Ever since the News of The World phone-hacking scandal gathered pace in July this year, members of the UK press have been attempting in vain to capture the thoughts of one of Rupert Murdoch’s most successful former editors, Kelvin MacKenzie, a key architect of modern British tabloid culture and scourge of the politically-correct left.
This week a Parliamentary investigation in the wake of the scandal, known as the Leveson Inquiry, managed to coax him into making a statement. Or perhaps, as former Sun editor MacKenzie put it, the veiled threat of a prison sentence that accompanied his invitation helped loosen his tongue.
The Leveson “seminars,” part of an inquiry into not only the phone hacking case but press ethics and culture in the UK, are intended to give members an informed view of the workings of the press. MacKenzie’s perspective was as unvarnished as it was irreverent.
Launching a scathing attack on the British prime minister, David Cameron, and on News International executives as well, MacKenzie started his talk with a bang:
So where is David Cameron today? Where is our great prime minister who ordered this ludicrous inquiry? After all, the only reason we are all here is due to one man’s action; Cameron’s obsessive arse kissing over the years of Rupert Murdoch. Tony Blair was pretty good, as was Brown. But Cameron was the daddy.
MacKenzie satirically suggested that the prime minister hands out knee pads to his ministers to accommodate the level of bowing and scraping to the officers of Murdoch’s News Corp. He continued:
There was never a party, a breakfast, a lunch, a cuppa or a drink that Cameron & Co would not turn up to in force if the Great Man [Murdoch] or his handmaiden Rebekah Brooks [former News International Chief Executive] was there. There was always a queue to kiss their rings. It was gut wrenching.
An American with a disdain for Britain, running a declining industry in terms of sales, profitability, and influence, was considered more important than a meeting with any captain of industry no matter how big their workforce or balance sheet.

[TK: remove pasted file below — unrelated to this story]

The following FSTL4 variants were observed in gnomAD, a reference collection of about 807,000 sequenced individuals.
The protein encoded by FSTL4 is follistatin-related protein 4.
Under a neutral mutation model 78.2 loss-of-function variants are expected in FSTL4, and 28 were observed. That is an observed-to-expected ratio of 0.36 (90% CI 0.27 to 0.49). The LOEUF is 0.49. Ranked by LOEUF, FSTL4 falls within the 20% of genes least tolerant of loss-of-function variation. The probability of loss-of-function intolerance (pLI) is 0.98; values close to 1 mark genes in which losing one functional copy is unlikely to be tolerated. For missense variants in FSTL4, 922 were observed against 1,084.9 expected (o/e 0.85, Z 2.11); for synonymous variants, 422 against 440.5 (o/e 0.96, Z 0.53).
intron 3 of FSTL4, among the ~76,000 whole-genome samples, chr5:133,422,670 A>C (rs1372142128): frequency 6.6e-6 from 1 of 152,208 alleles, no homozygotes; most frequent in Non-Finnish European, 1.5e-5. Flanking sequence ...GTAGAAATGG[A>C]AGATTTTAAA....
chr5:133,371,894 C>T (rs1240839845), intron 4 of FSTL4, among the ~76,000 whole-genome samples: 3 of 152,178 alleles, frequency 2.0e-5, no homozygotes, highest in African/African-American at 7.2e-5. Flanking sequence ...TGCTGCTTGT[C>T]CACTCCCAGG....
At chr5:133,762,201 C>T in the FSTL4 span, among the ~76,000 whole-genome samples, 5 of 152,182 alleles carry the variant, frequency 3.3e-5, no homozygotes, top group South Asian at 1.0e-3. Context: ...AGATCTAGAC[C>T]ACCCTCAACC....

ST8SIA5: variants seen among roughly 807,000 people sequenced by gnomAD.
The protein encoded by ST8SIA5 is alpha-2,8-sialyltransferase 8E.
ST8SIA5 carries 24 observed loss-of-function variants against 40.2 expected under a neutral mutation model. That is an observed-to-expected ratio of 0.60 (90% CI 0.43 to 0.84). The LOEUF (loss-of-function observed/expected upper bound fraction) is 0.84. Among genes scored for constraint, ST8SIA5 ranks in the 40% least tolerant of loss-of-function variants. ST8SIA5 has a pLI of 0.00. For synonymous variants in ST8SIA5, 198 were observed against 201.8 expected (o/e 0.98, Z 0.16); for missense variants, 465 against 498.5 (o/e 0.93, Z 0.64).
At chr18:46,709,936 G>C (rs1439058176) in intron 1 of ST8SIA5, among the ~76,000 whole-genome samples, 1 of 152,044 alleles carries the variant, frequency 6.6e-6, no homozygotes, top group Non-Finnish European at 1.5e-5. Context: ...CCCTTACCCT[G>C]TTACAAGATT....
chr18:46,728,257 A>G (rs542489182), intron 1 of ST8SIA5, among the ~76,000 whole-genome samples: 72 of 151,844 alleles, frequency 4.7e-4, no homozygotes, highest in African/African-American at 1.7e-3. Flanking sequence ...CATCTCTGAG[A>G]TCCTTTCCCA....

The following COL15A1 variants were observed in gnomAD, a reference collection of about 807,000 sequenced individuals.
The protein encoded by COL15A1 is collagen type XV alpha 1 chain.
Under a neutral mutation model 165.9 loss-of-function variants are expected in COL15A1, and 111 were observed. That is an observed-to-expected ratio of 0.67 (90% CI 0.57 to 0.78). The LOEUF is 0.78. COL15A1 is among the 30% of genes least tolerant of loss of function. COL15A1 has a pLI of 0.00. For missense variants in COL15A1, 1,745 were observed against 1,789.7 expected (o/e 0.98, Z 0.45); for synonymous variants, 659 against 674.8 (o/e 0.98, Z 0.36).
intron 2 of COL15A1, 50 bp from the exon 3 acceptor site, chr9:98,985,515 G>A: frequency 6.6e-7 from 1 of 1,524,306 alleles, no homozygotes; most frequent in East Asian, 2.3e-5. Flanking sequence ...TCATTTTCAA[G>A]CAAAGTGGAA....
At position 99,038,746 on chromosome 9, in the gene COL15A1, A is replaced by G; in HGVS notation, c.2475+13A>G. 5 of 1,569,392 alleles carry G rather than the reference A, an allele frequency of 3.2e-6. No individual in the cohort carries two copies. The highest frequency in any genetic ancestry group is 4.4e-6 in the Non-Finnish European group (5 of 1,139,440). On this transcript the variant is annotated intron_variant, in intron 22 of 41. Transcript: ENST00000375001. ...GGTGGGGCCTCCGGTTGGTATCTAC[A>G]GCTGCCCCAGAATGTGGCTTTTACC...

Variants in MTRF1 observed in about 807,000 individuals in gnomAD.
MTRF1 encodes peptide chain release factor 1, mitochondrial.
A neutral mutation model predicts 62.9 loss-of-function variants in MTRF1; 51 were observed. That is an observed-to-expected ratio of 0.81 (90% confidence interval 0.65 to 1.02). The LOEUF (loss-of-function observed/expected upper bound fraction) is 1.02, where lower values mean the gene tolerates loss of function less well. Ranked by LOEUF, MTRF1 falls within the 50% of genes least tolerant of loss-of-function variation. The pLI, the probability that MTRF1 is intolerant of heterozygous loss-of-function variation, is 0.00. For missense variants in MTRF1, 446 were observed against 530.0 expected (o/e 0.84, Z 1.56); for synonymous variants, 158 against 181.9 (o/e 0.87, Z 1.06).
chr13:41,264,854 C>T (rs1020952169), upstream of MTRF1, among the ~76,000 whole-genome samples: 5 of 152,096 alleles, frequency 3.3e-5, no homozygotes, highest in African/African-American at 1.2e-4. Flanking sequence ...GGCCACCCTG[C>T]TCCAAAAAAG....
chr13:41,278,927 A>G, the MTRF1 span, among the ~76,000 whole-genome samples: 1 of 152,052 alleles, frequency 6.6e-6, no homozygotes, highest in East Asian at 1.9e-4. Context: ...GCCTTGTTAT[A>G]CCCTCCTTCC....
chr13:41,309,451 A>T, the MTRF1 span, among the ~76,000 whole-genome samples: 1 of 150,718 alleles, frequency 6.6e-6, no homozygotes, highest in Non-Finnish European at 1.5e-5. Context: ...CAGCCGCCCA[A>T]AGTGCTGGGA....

The full text of the short speech MacKenzie gave to the inquiry is here and worth reading, not simply for its comic content and deft use of British vernacular, but also for the illuminating points it offers for News Corp. Kremlinologists. Not only did MacKenzie shovel blame on David Cameron for succumbing to the blandishments of being “in with the Murdochs” but signaled that the prime minister must have been perfectly well aware of former News of the World editor Andy Coulson’s guilt in the phone-hacking affair before hiring him into government as his senior communications adviser:
This [the Inquiry] is the way in which our prime minister is hopeful he can escape his own personal lack of judgment. He knows, and Andy knows, that he should never have been hired into the heart of government. I don’t blame Andy for taking the job. I do blame Cameron for offering it.
It was clearly a gesture of political friendship aimed over Andy’s head to Rupert Murdoch. If it wasn’t that, then Cameron is a bloody idiot. A couple of phone calls from Central Office people would have told him that there was a bad smell hanging around the News of the World.
MacKenzie went on to say that both Rebekah Brooks, chief executive of Murdoch’s News International from 2009 to 2011, before resigning due to the scandal, and James Murdoch, Rupert’s son and the chairman and CEO of News Corp., were most likely the people who decided to put The Sun’s support behind David Cameron ahead of the 2010 general election. Consequently, he suggests “they should hang their heads in shame.”
As a former editor of The Sun who presided over the paper’s most rumbustious and commercially successful period from 1981 to 1994, MacKenzie is an estranged member of the Murdoch professional family. He remains unerringly loyal to his former boss, but it is informative to observe how his generation of editors views the “soft network” of power devised by the more recent incumbents of the News International boardroom with enormous distaste.